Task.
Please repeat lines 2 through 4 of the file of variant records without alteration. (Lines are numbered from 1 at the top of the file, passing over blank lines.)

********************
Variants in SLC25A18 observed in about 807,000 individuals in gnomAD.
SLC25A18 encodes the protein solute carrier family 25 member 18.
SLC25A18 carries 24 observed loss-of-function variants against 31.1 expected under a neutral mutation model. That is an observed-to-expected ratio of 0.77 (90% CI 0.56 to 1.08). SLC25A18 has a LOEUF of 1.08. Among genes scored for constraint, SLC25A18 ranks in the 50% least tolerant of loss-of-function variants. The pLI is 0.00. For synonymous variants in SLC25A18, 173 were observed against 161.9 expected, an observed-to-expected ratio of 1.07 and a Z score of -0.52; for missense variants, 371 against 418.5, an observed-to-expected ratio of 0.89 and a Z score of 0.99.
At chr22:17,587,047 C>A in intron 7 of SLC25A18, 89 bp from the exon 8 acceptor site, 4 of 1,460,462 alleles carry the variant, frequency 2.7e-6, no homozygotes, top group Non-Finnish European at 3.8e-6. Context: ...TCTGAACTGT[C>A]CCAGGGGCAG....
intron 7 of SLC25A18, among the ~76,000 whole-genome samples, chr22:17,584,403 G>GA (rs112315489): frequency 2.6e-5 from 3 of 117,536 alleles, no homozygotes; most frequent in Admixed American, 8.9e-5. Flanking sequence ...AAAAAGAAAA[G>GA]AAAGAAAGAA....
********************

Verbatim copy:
SLC25A18 encodes the protein solute carrier family 25 member 18.
SLC25A18 carries 24 observed loss-of-function variants against 31.1 expected under a neutral mutation model. That is an observed-to-expected ratio of 0.77 (90% CI 0.56 to 1.08). SLC25A18 has a LOEUF of 1.08. Among genes scored for constraint, SLC25A18 ranks in the 50% least tolerant of loss-of-function variants. The pLI is 0.00. For synonymous variants in SLC25A18, 173 were observed against 161.9 expected, an observed-to-expected ratio of 1.07 and a Z score of -0.52; for missense variants, 371 against 418.5, an observed-to-expected ratio of 0.89 and a Z score of 0.99.
At chr22:17,587,047 C>A in intron 7 of SLC25A18, 89 bp from the exon 8 acceptor site, 4 of 1,460,462 alleles carry the variant, frequency 2.7e-6, no homozygotes, top group Non-Finnish European at 3.8e-6. Context: ...TCTGAACTGT[C>A]CCAGGGGCAG....